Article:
Let’s give Donald Trump his due: he’s been keeping us going for four years. Not sure if it’s for the right reasons or if it’s a good thing. All over the United States, people are irritable, tense, worried. Friendships have broken out over a suspicion of sympathy for the president or a tsunami of contempt for him.
I took the title of this column from my colleague Margaret Talev, journalist for Axios, the influential online news site. For her, the town halls that the Democratic and Republican candidates held on two different TV channels Thursday night served as a “look to the future,” the future Americans could give themselves by handing over the presidency to Biden or handing it over to Trump.
Joe Biden on ABC gave us an even slower version of the senator than he was for 36 years. His answers were long, even boring at times, but going into the details of specific policies to be adopted. The man knows what he is talking about and he takes his time to say it.
Bluffer and without complex, it is the Donald Trump that we now know well that NBC offered us. Placed on the defensive by a moderator more inquisitive than his colleague on the other channel, the occupant of the White House remained combative without specifying what a second term would bring to the country. Man is a provocateur, not a manager.
To almost everyone’s surprise, the Nielsen firm calculated that Joe Biden attracted 1.5 million more viewers than Donald Trump. What ultimately sticks to what the polls repeat: it’s not that Biden likes it so much, it’s that Americans want peace.
Or to use Margaret Talev’s expression, they want to start watching TV again without hesitating to go to the bathroom for fear of missing the latest aberration issued by their president.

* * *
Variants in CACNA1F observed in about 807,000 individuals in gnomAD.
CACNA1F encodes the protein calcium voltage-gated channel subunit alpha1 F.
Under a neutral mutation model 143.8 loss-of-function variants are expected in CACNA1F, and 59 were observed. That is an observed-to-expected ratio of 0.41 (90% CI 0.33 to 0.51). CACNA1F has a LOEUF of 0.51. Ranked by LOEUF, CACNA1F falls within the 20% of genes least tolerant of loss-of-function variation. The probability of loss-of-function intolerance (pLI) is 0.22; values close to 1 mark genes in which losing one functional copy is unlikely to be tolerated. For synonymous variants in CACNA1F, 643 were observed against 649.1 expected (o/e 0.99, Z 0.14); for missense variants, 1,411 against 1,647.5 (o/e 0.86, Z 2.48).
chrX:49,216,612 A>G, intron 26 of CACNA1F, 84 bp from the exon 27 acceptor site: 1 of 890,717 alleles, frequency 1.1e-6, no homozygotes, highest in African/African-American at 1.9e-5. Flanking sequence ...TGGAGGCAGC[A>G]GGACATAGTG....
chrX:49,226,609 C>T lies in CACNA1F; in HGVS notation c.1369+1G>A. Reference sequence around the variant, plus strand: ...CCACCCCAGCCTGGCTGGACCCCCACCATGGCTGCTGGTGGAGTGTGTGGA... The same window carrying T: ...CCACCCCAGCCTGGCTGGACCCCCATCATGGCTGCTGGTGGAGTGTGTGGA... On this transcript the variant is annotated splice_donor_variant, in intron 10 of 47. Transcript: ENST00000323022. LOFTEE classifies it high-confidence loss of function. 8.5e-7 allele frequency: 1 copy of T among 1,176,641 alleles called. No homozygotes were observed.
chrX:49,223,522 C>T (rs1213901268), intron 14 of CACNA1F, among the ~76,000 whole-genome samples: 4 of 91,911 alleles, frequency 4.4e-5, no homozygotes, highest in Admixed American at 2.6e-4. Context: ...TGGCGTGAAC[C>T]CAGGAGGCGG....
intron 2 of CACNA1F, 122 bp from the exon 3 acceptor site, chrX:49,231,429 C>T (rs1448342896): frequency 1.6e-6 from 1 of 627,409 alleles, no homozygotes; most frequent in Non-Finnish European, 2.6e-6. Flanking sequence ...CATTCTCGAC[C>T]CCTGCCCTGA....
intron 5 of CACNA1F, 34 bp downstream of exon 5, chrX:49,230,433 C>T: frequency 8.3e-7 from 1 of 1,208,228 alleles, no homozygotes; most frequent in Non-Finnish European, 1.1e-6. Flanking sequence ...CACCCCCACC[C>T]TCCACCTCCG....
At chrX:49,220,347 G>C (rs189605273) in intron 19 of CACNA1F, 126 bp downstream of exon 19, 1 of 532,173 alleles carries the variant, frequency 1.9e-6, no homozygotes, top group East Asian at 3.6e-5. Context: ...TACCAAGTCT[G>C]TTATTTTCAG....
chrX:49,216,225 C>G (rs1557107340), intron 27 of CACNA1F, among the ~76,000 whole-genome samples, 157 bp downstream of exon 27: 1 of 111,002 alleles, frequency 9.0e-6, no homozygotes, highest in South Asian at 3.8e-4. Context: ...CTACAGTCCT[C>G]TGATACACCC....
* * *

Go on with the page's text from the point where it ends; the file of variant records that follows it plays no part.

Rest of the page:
EXTENUATED, BUT NOT ALONE
I see, day after day, that despite the Republican presidential campaign, the list of exhausted is only growing. The echoes from the Pentagon do not indicate anything else. The General Staff wants an orderly and honorable exit from Afghanistan; officers are told to rush things.
Medical experts are chomping at the bit, while the president fabulates that the “pandemic is drawing to an end” and that “85% of people who wear a mask catch the coronavirus”. Environmentalists are distressed that Trump calls “the world’s purest air and water” when his administration’s measures to weaken environmental protection number in the dozens.
Americans, a majority of them, are at their wit’s end. This isn’t the first time they’ve gotten tired of Donald Trump. Over the seasons, the show that made him famous, The Apprentice, rose from 20 million viewers to seven million. His swagger has had its day. Obviously, his presidency.
Donald Trump, from The Apprentice to the White House
More stable popularity as president than as a reality TV host